This week: Music in the Dramatic SceneEdited by: Samberine Everose
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Greetings! I'm your guest editor this week, and I would like to thank all the beautiful people here in this wonderful WDC community for all their generosity in helping and teaching us to grow as a writer. Special thanks to BFF Bobby-The prodigal son returns 2020. for reviewing my work first, before I let it go for publishing. I wanted to go public because it's such an honor to be part of this official WDC newsletter. Sharing my opinions and views through my articles (and other humble bits) is a privilege that I truly appreciate.
This newsletter will contain my opinion or thoughts about how music can always be a source of inspiration and can influence too the way how can we dramatize more the scene of our characters for our novels or stories and even poetry.
Music has always played an important role in our everyday life, especially in terms of our creative endeavors.
Music can lift us up with the power of its inspirational rhythms, as well as free our creativity to fashion anything we might desire. In terms of sketching, painting, drawing, and in particular, writing, we are able to explore our true creative potential.
An additional outcome of listening to music while we produce our various works of art, sometimes depends on the kind of music that we happen to choose -- while fully engrossed in our most creative moods and modes.
For instance, if we try to draw or paint an abstract theme or subject, it might be better to hear some hard rock tunes from bands like Bon Jovi, Tommy Shaw, or Avril Lavigne -- than to fall asleep listening to opera.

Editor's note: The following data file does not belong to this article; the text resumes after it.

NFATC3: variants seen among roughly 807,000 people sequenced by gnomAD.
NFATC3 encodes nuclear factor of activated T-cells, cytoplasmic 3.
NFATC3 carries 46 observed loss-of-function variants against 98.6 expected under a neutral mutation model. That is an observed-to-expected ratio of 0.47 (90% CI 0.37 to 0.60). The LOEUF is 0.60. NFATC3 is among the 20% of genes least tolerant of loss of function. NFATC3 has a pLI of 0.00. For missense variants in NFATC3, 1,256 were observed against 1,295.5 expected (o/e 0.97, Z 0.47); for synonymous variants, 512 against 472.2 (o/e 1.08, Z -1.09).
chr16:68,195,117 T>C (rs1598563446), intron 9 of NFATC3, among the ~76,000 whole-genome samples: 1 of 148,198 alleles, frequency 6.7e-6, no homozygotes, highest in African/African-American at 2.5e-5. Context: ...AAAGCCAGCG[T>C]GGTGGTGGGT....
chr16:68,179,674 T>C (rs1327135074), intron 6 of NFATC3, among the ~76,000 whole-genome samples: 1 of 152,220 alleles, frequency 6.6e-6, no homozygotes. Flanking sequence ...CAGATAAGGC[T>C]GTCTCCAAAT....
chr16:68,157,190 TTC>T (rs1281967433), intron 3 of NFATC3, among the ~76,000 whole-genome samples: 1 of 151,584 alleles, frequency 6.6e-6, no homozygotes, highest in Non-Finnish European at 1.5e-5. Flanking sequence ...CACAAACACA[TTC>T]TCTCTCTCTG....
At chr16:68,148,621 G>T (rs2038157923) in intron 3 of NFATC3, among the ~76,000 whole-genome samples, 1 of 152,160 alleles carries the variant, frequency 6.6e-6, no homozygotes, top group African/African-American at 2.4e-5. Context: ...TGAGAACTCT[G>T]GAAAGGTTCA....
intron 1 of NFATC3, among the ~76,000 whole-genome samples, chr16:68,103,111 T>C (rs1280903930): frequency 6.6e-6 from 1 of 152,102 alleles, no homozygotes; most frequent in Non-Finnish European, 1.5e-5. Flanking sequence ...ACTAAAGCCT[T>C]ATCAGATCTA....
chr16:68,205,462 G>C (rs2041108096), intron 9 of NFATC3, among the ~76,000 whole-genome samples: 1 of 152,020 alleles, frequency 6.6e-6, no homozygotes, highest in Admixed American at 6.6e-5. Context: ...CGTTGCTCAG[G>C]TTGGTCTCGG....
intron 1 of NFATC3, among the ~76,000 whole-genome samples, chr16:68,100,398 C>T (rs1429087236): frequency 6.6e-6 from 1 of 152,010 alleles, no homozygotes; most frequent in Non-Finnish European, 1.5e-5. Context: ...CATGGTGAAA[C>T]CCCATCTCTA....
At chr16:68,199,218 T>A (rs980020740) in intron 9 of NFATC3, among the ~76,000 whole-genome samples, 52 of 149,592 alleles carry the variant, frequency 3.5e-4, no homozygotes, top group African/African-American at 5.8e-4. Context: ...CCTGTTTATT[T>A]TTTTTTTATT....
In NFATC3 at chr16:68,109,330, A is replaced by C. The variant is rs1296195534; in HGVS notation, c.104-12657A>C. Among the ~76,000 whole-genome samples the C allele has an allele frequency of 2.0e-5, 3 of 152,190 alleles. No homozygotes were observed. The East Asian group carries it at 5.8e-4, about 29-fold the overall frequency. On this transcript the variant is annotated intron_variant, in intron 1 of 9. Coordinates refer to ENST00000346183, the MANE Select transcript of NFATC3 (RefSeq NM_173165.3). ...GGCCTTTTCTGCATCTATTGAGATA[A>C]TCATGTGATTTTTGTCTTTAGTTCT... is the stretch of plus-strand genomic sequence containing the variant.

If we like to write about romantic love stories, or "feel" the heavy drama of one or more scenes in our novel or short story, the background music could well be the ballads of Jim Brickman, Dan Hill, or Taylor Swift.
Creating an emotionally charged scene in our short story or novel, will flow with even more intensity when we make musical selections that stir in us, the "juices" of excitement or arousal; imagine a ballet or theatrical film with little or no musical accompaniment. Whether in the dance studio, or a movie theater, at work or in the home, melodic notations are such a huge part of our lives that artistry without music is like an orchestra without instruments.
Whenever my muse whispers to me, in some sentimental way, in some kind of deeply mournful way, in a way that makes me feel the need to cry -- my mood is then filled with a melancholic sadness that beckons to me. During such times, I always like to put pencil to paper and make drawings about what I'm feeling while "in the moment". Or I may choose instead to write about my emotions, putting them to paper. And, along with the appropriate choice of background music, letting my words carry me aloft, my emotions gushing as if they represented the same flow that, at the same time, came from one of my imaginary characters.
At other times there is often a difference in the mood or drama of a written scene, when a character flows, like a leaf upon moving water, to the melodic rhythms of purely instrumental music. For example, a classical orchestral piece by Beethoven that might well inspire us to pen a single scene (or an entire chapter) filled to overflowing with poignant mysteries, with the blood, sweat, and tears of our own making. Perhaps another classical work, this time by Mozart, may push us to choreograph, in words only, a quiet scene of young and tender romance.
So choose your music well, my friends. Do so with as much passion and thoughtfulness as you might use when brushing paint to a canvas or sketching into a paper. As is frequently the case, the "sound" of peace and quiet is, more often than not, the tuneful notes strumming from headphones or a couple of stereo speakers. Good music can and will cause you to lose track of time. Something not all that different from how any restless passion might easily do the same.
So the next time you're in the mood to get crazy and creative with your writing, and decide to let your emotions write their own words -- without your brain getting in the way -- drop what you're doing and stay awhile. Follow your bliss and your passion into the dramatic world of your characters; become who they are, feel what they feel, stop being an author and instead be as one lost in the woods, looking for a way out of the wilderness.
and Write On!
Here are some of my favorite pieces that I captured within WDC site that has a dramatic touch of music.
Contest for you to try on to test your skill in the dramatic scene with music.
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